Donald Lynn Seemuller (Educ ’67, ’70 L/M) of Aiken, S.C., died March 9, 2013. At the University, he was a running back for the football team. In the late 1960s, he was the assistant director of the Charlottesville YMCA and taught physical education in the Charlottesville City Schools. Mr. Seemuller taught physical education in Fairfax County from 1969 to 1998 and was a football and track coach for 25 years, coaching both sports at Edison and Lake Braddock high schools and track at George Mason University. When Mr. Seemuller retired in 1998, he and his wife toured the back roads of the United States for three months in their Chevy Tahoe. In addition to traveling around the country, Mr. Seemuller enjoyed playing golf. Survivors include a son, Michael Dean Seemuller (Col ’96); and a brother, William W. Seemuller (Engr ’64, ’66, ’70 L/M).

George L. Maddrea Jr. (Engr ’68) of Yorktown, Va., died April 2, 2013. He was an electrical engineer at NASA for 40 years, retiring in 2003. Mr. Maddrea was a member of the Early Ford V-8 Club of America and the NASA-Langley Apiculture Club. He enjoyed raising cattle on his farm in Lunenburg County and spending time with his seven grandchildren.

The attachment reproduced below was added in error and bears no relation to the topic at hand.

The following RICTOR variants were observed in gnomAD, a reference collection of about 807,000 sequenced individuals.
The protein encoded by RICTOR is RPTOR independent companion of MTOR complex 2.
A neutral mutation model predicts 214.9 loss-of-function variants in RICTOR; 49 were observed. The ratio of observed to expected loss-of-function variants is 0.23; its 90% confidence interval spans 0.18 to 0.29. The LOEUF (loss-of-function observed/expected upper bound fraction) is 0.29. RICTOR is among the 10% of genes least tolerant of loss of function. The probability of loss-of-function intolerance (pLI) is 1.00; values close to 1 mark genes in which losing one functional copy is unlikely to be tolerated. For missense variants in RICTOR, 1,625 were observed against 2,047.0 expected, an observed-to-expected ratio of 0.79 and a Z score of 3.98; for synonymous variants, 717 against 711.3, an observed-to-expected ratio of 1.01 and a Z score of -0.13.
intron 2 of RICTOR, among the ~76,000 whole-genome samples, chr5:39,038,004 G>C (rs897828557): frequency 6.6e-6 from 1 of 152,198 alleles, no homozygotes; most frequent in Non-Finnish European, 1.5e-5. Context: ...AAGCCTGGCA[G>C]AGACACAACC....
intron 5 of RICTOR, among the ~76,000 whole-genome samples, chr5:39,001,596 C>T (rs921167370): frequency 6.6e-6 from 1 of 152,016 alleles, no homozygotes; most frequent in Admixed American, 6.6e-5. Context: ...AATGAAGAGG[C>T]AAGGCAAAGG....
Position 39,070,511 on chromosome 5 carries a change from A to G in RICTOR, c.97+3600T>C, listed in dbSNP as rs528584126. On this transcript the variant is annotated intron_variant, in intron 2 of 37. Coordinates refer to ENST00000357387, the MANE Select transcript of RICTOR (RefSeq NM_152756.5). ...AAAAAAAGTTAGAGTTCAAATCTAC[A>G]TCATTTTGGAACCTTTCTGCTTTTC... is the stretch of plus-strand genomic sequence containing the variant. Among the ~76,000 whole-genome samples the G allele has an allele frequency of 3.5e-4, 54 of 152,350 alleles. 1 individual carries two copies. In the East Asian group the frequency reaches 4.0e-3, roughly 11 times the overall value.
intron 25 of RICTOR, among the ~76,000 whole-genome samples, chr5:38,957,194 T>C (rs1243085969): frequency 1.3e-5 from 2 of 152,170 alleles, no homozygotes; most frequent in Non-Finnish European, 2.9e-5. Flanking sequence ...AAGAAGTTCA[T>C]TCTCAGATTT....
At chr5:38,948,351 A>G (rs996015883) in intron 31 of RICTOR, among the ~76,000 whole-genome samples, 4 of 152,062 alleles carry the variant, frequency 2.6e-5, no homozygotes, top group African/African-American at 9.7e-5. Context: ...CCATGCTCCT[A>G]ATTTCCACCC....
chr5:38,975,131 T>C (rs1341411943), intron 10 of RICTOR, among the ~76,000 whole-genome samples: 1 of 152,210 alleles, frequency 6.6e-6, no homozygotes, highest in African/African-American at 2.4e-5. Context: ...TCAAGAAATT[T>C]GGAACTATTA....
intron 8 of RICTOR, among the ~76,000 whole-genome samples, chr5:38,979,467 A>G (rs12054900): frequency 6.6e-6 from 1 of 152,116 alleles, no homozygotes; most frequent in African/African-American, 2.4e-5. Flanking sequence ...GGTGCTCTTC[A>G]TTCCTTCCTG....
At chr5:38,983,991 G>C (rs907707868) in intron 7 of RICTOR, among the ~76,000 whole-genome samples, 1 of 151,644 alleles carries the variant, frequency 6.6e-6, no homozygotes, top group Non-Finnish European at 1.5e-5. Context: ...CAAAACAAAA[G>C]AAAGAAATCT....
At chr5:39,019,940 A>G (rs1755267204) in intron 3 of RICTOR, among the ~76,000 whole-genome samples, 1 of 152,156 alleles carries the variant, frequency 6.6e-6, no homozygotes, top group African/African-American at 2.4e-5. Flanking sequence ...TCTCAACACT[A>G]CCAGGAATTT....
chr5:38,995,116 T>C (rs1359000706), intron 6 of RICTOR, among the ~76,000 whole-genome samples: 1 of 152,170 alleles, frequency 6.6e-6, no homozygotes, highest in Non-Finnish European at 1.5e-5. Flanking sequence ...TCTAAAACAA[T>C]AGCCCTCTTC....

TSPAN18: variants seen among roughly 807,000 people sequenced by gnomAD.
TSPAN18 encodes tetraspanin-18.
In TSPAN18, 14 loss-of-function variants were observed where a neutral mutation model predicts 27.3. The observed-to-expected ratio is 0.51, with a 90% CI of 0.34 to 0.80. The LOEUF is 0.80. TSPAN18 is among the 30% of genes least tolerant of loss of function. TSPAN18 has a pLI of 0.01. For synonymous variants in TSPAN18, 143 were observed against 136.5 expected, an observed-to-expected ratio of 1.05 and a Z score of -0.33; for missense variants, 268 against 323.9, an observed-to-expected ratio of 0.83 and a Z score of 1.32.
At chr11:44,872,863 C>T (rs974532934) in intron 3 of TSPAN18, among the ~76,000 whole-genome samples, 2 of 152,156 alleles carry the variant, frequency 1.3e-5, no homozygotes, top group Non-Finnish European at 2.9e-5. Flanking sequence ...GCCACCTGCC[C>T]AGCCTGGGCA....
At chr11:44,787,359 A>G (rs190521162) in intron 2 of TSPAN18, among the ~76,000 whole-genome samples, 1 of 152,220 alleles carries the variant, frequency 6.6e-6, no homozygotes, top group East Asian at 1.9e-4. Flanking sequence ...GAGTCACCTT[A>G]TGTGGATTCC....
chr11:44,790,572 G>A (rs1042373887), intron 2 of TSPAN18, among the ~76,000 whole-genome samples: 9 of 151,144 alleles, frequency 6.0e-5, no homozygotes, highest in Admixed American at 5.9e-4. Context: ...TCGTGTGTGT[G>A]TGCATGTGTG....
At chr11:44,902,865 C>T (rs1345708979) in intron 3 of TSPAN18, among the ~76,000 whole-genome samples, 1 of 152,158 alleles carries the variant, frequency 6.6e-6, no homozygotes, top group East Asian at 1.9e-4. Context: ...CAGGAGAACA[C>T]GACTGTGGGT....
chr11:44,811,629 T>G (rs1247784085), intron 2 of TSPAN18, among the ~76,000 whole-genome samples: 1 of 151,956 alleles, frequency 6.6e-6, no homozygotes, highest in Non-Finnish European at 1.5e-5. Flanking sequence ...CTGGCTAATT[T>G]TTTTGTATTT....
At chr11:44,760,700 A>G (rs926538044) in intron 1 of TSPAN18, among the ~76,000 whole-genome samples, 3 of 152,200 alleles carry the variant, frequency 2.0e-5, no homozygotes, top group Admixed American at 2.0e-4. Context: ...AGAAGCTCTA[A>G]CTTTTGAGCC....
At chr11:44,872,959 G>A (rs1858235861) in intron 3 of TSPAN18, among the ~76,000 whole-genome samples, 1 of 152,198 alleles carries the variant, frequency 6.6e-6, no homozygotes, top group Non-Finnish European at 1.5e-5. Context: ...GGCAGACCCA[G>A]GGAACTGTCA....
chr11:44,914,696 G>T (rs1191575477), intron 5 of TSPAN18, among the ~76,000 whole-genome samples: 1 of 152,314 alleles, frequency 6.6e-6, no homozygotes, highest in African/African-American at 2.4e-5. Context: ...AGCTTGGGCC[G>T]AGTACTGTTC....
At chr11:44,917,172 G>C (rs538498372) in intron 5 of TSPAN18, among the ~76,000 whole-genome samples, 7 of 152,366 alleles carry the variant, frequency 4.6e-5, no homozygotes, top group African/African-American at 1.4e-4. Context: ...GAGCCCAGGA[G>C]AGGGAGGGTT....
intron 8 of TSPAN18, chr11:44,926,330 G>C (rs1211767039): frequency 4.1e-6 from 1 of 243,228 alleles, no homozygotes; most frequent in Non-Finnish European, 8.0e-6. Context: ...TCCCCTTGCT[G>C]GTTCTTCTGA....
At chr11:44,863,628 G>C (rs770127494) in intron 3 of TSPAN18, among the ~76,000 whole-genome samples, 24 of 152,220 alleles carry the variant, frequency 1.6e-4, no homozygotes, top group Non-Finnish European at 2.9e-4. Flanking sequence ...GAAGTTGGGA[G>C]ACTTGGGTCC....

Dan T. Schwartz (Col ’68 L/M) of Louisville, Ky., died May 25, 2012. At the University, he was a member of Alpha Tau Omega and Beta Theta Pi fraternities, known by some as “the first U.Va. hippie.” Mr. Schwartz was a loving, kind and accepting man who was a friend to many.

Henry D. Van Cleave (Educ ’68) of Front Royal, Va., died Feb. 19, 2013. He served in the U.S. Army during the Vietnam War. Mr. Van Cleave retired in 1985 as the manager of the Environmental Protection Agency’s national oil spill response division. He then served as vice president of Ecology and Environment’s Washington, D.C., office and worked as an independent consultant advising local and state governments on emergency management and homeland security plans.

Ruth “Pat” Thorne Chaplin (Educ ’69) of Richmond, Va., died April 14, 2013. She worked for many years at McGuire Veterans Hospital and for the Commonwealth of Virginia, and later practiced as a private speech pathologist. Ms. Chaplin, an avid bird watcher, gardener and world traveler who loved reading and doing crossword puzzles, was kind to everyone she met.

Linton R. Dunson Jr. (Grad ’69 L/M) of Greer, S.C., died April 20, 2013. He taught government at Wofford College for 42 years. In addition to serving as government department chair, Mr. Dunson was president and historian for the college’s chapter of Phi Beta Kappa and faculty adviser to the Kappa Alpha Order.

Anthony G. Hucks-Folliss (Med ’69 L/M) of Pinehurst, N.C., died March 12, 2013. He practiced neurosurgery in the Pinehurst and Moore County areas for more than 30 years. Survivors include a son, Andrew Hucks-Folliss (Col ’10).